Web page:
Regulators urged to find Silicon Valley Bank buyer as industry frets over fallout

By Lananh Nguyen and Pete Schroeder

NEW YORK (Reuters) – Some financial industry executives and investors grew concerned on Saturday that the collapse of Silicon Valley Bank could have a domino effect on other regional U.S. banks if regulators did not find a buyer this weekend to protect uninsured deposits.

Startup-focused lender SVB Financial Group on Friday became the largest bank to fail since the 2008 financial crisis, rattling markets and leaving billions of dollars belonging to businesses and investors stranded.

The Federal Deposit Insurance Corporation (FDIC), which was appointed receiver, was trying to find another bank over the weekend that would be willing to merge with Silicon Valley Bank, people familiar with the matter said Friday.

Reuters was unable to determine whether a deal was forthcoming.

Some industry executives said such a deal would be important for any bank and would likely force regulators to give special guarantees and other allowances to any buyer.

With $209 billion in assets, the Santa Clara, Calif.-based lender was the 16th-largest U.S. bank, making the list of potential buyers who could close a deal in one weekend relatively short, have- they said on condition of anonymity as the situation is evolving. . The US Federal Reserve and the FDIC were considering the creation of a fund that would allow regulators to support more deposits at troubled banks, Bloomberg reported.

Regulators discussed the new special vehicle in conversations with bank executives and hoped such a move would reassure depositors and help contain any panic, the report said. However, it was unclear whether regulators would have political support to throw a lifeline at the bank, which was aimed at Silicon Valley startups and investors. The Fed and FDIC did not immediately respond to a request for comment.

The White House said Saturday that President Joe Biden had spoken with California Governor Gavin Newsom about the bank and efforts to remedy the situation. “Everyone is working with the FDIC to stabilize the situation as quickly as possible,” Newsom said Saturday.

SPOTLIGHT ON OTHER BANKS Some leading analysts and investors have warned that without a resolution by Monday, other banks could come under pressure if people worry about their deposits.

“The good news is that an SVB-style failure is unlikely to spread to large banks,” risk management and finance consultancy Kroll said in a research note.

However, smaller community banks could face problems and the risk is “much higher if uninsured SVB depositors are not cured and have to take a haircut on their deposits,” Kroll added. Silicon Valley Bank had an unusually high level of deposits that were not covered by FDIC guarantees, which are capped at $250,000.

Billionaire hedge fund manager Bill Ackman said in a tweet on Saturday that failing to protect all depositors could also lead to the withdrawal of uninsured deposits from other institutions. “These withdrawals will drain liquidity from community, regional and other banks and begin the destruction of these important institutions,” Ackman warned. Kyle Bass, founder and chief investment officer of Hayman Capital Management, told Reuters the Fed must “arrange a marriage” for SVB by Sunday evening, before markets open in Asia.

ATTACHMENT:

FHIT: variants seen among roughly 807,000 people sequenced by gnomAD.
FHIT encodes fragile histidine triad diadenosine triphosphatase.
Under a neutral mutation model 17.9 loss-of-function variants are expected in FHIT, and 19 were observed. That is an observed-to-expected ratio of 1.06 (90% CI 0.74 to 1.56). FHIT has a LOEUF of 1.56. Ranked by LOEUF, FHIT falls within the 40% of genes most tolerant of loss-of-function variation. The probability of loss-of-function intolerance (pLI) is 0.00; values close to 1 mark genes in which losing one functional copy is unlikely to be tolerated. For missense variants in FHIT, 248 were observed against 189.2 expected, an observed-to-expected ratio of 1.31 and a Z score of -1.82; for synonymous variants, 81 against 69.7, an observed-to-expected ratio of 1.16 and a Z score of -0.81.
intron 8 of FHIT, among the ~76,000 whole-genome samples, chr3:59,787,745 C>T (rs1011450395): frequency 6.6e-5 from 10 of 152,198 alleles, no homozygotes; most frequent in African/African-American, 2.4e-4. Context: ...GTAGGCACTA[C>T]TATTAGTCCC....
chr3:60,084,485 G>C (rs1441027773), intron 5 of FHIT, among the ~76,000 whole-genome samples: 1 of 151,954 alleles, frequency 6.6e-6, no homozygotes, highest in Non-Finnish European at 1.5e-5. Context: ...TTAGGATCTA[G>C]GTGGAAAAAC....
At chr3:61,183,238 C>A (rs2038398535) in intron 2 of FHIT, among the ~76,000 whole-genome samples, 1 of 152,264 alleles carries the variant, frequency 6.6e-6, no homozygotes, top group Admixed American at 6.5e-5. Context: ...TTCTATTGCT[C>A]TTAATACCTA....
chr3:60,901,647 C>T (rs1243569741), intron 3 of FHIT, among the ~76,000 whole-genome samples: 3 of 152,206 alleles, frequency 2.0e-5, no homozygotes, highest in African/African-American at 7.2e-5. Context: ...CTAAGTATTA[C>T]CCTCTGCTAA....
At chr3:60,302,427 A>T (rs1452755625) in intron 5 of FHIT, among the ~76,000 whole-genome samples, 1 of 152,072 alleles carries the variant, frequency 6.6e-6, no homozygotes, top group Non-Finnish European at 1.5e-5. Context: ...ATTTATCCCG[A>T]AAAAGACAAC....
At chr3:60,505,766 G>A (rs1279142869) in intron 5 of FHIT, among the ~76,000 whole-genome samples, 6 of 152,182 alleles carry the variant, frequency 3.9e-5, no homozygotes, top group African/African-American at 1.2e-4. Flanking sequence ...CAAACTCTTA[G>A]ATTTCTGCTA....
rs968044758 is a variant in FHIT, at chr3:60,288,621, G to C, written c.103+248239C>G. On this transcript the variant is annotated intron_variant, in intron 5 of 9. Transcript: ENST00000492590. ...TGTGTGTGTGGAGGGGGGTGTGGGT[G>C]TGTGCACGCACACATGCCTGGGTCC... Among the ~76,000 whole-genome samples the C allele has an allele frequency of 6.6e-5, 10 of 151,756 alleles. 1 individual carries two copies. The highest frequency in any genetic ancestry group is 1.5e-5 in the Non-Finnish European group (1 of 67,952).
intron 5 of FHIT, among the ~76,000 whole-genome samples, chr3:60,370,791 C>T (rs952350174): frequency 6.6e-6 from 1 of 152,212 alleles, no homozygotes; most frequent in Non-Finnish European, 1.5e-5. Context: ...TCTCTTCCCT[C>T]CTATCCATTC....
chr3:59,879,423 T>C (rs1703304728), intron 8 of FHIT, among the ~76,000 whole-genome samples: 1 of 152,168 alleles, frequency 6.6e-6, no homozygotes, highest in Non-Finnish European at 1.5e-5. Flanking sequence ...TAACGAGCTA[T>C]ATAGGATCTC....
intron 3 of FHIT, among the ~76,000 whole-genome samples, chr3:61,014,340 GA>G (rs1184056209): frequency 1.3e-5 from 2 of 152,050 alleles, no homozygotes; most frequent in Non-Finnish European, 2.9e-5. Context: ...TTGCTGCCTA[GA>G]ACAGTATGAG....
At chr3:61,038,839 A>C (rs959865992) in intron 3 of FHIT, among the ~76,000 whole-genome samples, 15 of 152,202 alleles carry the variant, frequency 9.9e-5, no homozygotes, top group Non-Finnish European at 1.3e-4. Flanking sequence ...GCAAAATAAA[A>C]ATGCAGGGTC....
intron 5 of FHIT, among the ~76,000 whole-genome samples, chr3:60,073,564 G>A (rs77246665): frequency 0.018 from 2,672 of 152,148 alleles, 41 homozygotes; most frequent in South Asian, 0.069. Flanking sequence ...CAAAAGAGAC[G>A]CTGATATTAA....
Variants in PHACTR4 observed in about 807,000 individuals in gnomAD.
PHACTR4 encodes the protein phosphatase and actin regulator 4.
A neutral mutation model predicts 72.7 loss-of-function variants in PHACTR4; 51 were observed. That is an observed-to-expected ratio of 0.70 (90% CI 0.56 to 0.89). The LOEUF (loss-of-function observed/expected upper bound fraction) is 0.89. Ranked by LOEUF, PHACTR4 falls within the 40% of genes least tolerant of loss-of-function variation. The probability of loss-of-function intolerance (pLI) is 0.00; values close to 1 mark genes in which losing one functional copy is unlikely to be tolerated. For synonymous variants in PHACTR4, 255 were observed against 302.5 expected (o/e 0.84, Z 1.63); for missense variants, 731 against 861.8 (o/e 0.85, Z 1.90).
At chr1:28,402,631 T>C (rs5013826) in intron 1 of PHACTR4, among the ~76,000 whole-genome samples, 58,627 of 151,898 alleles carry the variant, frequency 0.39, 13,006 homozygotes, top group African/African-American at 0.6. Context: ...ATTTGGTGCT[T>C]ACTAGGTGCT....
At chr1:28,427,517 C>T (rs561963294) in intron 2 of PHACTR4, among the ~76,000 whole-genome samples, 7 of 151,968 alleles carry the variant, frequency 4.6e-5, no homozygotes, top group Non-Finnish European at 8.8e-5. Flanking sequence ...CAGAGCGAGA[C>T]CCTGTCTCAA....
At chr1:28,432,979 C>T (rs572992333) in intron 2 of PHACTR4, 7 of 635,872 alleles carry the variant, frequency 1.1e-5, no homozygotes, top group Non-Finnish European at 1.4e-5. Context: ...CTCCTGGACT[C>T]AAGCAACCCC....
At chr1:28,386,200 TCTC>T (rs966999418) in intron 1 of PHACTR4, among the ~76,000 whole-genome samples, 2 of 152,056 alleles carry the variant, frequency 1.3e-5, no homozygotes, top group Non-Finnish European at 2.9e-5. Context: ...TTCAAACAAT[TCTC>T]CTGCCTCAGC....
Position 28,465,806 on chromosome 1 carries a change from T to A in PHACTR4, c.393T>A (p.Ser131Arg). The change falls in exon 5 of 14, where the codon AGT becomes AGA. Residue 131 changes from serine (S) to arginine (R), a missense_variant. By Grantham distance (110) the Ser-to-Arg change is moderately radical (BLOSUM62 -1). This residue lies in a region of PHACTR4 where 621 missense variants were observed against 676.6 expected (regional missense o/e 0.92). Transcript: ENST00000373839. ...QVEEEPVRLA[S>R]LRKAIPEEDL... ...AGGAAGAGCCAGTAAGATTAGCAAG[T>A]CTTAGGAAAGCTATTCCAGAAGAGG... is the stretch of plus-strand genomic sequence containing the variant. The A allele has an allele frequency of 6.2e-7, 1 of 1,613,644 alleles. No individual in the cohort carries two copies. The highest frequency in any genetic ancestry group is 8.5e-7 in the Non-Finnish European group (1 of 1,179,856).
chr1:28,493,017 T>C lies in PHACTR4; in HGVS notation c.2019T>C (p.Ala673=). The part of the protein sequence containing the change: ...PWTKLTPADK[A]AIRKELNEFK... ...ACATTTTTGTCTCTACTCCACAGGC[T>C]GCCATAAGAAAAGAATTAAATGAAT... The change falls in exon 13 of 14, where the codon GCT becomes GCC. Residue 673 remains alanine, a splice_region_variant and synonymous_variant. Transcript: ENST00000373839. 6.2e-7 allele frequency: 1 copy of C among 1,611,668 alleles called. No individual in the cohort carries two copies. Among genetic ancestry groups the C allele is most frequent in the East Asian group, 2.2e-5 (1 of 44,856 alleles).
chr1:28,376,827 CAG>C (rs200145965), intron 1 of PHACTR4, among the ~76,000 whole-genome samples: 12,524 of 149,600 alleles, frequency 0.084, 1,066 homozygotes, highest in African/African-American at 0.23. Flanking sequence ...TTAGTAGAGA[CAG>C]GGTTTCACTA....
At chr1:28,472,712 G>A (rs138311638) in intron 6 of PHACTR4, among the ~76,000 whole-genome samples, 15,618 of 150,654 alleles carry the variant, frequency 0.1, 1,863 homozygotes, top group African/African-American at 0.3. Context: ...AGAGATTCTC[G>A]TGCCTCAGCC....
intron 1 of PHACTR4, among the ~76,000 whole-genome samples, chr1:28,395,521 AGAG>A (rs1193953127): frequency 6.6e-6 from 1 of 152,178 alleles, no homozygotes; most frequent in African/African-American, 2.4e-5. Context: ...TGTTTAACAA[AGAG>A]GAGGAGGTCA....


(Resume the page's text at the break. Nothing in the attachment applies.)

“And they need to assure depositors that they will be fully paid through this merger and restore stability to the banking system,” he added.

Shares of regional and smaller banks were hit hard on Friday. The S&P 500 index of regional banks fell 4.3%, taking its loss for the week to 18%, its worst week since 2009. Signature Bank fell around 23%, while First Republic Bank, based in San Francisco, fell 15%. Western Alliance Bancorp fell 21% and PacWest Bancorp fell 38% after these stocks were repeatedly halted due to volatility. Charles Schwab Corp fell more than 11%. Signature Bank, First Republic Bank, PacWest Bank and Charles Schwab did not immediately respond to requests for comment. Western Alliance Bank declined to comment.

Some banks may seek to raise capital preemptively to strengthen their balance sheets or try to strike their own deals, industry executives said. When IndyMac and Washington Mutual collapsed in 2008, the FDIC found other companies to take over the assets and keep the deposits intact. If no buyer is found for SVB, uninsured depositors will likely end up with some of the funds the FDIC can raise by selling the bank’s assets.

Some experts, however, consider the fallout from the latest collapse to be limited.

“We don’t see this as the start of a broader threat to the security and soundness of the banking system,” TD Cowen analyst Jaret Seiberg said Friday. “Silicon Valley had a unique business model that relied less on retail deposits than a traditional bank.”

(Reporting by Lananh Nguyen, Paritosh Bansal, Tatiana Bautzer, Nupur Anand and Ira Iosebashvili in New York and by Pete Schroeder and Jason Lange in Washington, Kanjyik Ghosh and Akanksha Khushi in Bengaluru; Writing by Megan Davies; Editing by Jamie Freed)

Leave a Comment